Friday, March 18, 2016

Line Art Tutorial: New Dawn Illustartion

It's been a long time since I've done one of these posts, but I know how you all love to see this stuff. So here I am giving you another look at how I creature my magic. First, I would like to give a shout out to the author that commissioned this piece, Ellie Hart. Follow the link to her Facebook page and make sure to grab her book New Dawn, when its released.

Now on to the FUN!
Note: I work a little all over the place, putting my process down doesn't always translate well but I'll try my best. Also please do not copy this image or use without permission. This tutorial is best used by people that have a good understand a Photoshop. If you're a beginner, sorry this might be hard to follow.

Inking Tutorial #2

1. No big surprise here, I start with a sketch. Because my tablet and photoshop acts up ALL the time, I usually do my sketches the old fashion way. Pencil and paper, plus it just fun.

For the rest of this process I will be using my outdated unreliable Photoshop CS3.

 2. I know the photos are a little hard to make out so I'll make sure to cover everything on the written part. Once my sketch is uploaded into Photoshop the first thing I do is setup my file. The sketch is on a work-surface of 1000X1000 pixels. The sketch is on the bottom layer, the second layer is a solid white with 50% opacity, and the third is where our line-art will go. I change my brushes to square brushes size 2 pixels (square brushes are included in Photoshop), for the hair I set the following for the brush. Under Windows>Brushes>Shape Dynamics, change the control to Fade and the Minimum Diameter to 30% or so. Play around with it, see what you come up with.

3. Make sure you're on the top layer where the line-art will go and your color is set to black. (Very important. I often forget its on white then wonder why I can't see anything.) 
For the outlining process I use my pen tool...I love my pen tool. If you don't love your pen tool use it till you do. It is a big time saver and makes inking a lot easier.
Since we are going to be using a fade for the hair make sure to be aware of where the fade will start and end. You want to put the first anchor down where the heaviest point of your line will be, then end it at the lightest. I like to end the path at a point in the spike of the hair. 
Just be careful when going from end to point not to connect the two lines unless you mean to. I often leave them open ended so it fades into a point.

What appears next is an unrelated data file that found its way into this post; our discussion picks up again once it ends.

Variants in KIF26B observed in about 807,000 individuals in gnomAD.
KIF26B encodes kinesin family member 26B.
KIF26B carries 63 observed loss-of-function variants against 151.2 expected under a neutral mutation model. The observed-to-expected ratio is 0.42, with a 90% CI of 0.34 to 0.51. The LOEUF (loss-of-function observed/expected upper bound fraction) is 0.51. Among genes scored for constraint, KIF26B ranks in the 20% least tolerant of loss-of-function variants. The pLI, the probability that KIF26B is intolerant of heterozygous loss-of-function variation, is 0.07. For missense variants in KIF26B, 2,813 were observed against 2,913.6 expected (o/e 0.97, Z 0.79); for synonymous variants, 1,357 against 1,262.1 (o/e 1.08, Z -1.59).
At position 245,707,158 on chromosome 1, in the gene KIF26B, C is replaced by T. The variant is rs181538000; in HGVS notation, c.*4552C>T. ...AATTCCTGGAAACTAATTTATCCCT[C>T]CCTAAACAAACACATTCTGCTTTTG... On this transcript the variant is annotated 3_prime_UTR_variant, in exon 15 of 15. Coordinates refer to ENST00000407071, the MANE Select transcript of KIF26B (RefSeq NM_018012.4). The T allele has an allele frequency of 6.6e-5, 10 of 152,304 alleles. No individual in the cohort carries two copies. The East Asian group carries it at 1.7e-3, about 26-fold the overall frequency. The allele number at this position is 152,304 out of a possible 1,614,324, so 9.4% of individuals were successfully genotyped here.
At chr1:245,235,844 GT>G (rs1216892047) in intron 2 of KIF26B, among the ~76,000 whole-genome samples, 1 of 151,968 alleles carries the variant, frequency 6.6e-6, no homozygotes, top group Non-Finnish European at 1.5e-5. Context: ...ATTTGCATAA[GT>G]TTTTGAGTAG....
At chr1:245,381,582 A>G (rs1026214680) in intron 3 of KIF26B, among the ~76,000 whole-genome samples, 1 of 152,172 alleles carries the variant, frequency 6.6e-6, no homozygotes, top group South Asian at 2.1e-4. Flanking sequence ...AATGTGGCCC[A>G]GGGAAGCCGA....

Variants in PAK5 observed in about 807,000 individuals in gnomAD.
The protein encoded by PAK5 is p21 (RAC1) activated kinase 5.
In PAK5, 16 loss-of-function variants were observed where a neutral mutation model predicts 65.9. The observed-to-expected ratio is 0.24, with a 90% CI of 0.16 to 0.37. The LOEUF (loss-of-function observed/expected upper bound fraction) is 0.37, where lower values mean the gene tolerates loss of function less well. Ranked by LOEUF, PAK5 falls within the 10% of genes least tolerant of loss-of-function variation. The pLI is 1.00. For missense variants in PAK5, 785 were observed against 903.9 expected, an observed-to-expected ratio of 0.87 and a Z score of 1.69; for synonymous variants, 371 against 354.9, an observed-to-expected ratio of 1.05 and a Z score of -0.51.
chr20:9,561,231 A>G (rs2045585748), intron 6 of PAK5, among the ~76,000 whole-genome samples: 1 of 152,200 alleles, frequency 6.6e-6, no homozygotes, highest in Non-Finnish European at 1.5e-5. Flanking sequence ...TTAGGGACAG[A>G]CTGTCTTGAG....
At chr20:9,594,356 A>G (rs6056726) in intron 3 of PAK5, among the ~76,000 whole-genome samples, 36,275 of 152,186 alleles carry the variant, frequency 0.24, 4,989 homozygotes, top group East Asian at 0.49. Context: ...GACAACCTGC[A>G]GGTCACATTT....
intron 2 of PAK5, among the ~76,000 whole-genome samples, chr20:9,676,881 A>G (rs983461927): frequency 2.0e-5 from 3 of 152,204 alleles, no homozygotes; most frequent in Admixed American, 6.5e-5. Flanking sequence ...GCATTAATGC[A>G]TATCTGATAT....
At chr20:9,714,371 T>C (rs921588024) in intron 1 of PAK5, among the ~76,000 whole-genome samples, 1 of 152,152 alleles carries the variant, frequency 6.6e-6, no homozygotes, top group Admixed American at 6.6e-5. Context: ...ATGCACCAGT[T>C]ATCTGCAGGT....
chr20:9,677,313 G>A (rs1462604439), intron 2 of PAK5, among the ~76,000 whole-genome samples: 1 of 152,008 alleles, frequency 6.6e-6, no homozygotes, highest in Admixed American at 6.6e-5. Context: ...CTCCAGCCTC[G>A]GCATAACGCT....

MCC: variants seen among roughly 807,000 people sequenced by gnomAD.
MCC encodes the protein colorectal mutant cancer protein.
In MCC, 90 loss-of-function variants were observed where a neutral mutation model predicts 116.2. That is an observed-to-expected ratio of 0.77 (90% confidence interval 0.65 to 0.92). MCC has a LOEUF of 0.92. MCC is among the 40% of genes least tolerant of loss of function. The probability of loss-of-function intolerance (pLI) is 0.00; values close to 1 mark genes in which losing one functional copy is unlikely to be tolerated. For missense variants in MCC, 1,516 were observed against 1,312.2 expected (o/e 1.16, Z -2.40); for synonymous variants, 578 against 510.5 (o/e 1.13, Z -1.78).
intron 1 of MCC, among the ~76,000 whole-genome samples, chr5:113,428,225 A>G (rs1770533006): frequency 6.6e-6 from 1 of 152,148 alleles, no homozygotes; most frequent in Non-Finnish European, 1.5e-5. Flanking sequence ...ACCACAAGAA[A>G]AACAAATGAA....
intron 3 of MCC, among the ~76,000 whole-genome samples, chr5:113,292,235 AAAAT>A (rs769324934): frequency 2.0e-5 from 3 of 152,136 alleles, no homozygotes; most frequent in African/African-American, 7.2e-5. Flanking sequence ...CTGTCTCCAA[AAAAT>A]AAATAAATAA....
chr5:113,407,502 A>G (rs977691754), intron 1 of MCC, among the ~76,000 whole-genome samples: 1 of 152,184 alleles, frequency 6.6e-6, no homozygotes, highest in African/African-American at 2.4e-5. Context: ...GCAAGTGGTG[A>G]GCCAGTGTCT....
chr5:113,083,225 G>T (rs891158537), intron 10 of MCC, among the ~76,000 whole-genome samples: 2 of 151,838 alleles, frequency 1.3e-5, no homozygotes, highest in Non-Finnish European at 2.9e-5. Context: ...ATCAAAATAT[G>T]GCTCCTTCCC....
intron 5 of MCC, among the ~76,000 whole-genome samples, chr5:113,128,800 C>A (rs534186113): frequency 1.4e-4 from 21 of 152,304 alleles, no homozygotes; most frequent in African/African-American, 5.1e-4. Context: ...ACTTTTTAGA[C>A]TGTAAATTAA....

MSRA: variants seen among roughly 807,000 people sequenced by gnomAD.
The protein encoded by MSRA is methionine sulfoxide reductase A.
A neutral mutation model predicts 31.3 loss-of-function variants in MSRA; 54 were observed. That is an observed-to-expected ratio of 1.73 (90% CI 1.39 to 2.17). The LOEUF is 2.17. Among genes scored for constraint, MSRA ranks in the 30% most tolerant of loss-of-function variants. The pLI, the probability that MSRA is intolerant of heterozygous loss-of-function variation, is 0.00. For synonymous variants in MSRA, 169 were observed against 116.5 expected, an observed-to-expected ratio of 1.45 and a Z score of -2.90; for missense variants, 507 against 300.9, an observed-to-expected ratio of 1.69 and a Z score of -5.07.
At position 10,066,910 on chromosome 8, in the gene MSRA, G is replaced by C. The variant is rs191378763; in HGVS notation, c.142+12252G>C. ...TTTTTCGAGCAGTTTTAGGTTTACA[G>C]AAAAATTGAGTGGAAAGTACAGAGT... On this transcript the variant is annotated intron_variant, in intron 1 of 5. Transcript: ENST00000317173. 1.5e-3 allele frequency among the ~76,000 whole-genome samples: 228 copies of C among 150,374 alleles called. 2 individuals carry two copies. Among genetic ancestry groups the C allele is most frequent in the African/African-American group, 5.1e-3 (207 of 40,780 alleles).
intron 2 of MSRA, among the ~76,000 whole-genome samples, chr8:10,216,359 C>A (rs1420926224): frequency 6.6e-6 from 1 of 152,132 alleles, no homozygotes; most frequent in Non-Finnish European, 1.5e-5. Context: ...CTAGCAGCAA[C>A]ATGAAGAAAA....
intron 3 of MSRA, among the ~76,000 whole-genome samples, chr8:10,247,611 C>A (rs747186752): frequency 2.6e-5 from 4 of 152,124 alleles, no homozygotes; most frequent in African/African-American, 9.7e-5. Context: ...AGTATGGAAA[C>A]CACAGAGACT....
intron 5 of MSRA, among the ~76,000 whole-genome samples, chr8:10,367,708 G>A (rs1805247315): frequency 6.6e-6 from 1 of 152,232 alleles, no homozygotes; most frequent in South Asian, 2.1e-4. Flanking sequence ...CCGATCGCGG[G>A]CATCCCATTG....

4. Once you have all the lines set up with your pen tool, right click and select stroke path. This will bring up the box in the picture. 
You want to make sure brush is selected and that Simulate Pressure is checked. Then hit OK.
Note: Again make sure you have black as your foreground color and your on the top layer where you want your line-art.

5. This is what you should end up with. Its an interesting effect and works really good for the messy hair look. Especially if there are short spiky ends.

6. Before we start on the rest of the picture time to change up the brushed. Keep all the settings but change the control under Shape Dynamics from Fade to Pen Pressure. Done.

7. Now repeat the outline with the pen tool on the face. Make sure when you right click and click Stroke Path, that the Pen Simulation is checked.
Tip: I like to do each portion of the outline on a different layer: Hair, skin, shirt, ect. Once everything is outlined you can merge all the layers of the outline. Doing this allows you to change or adjust lines in different areas without worrying about messing up other portions.

8. Here you see what it looks like with the face and hand outlined. By clicking off the sketch layer I can get a better idea of what the lines look like. Notice there are a view areas that are lighter that I actually want to darken.

9. The areas where I want to adjust the line/mark it darker/thicker are areas where the skin creases or is in shadow. The line would naturally be thicker in those areas because...shadows.

10. Also I didn't like where the jaw line as sitting. To make a quick adjustment for that use the Lasso tool and select around the line. Then use Free Transform to move, shorten, or lengthen the line. Shortcut is Ctrl+T.

11. Soooo much better!
12. Now onto areas where the lines are considerably thicker. For these lines, like the crack of the mouth, the outline of the eyes, you are still going to use the pen tool. This time instead of leaving the path open ended, you want to close the path. This means outlining the area then right clicking, instead of selecting stroke path you want to fill path.

13. Now repeat those last few steps to complete the line art. Not looking too bad, but some adjustments are needed.
14. There are areas, like the face, that need to be darkened. You can do this by outlining the line with a shorter path using your pen tool using the same settings. This will darken the line, or when stroking the path you can unselect the Simulate Pressure. But that runs the risk of making the line look off. In the end just play with it and see what happens. Find the way you like to work and go with it.

15. In the end just play around with the pen tool and the different settings. There are tons of looks you can end up with. Also, don't freak out about following my steps to the T. Work however you want, whatever feels comfortable and works for you.
Here is the finished lineart. Not some changes that were adjusted from the sketch. There is nothing wrong with making adjustments as you go.

You can catch more of my work or even commission something on my website. Hit me up on social media to see WIPS, updates, and more.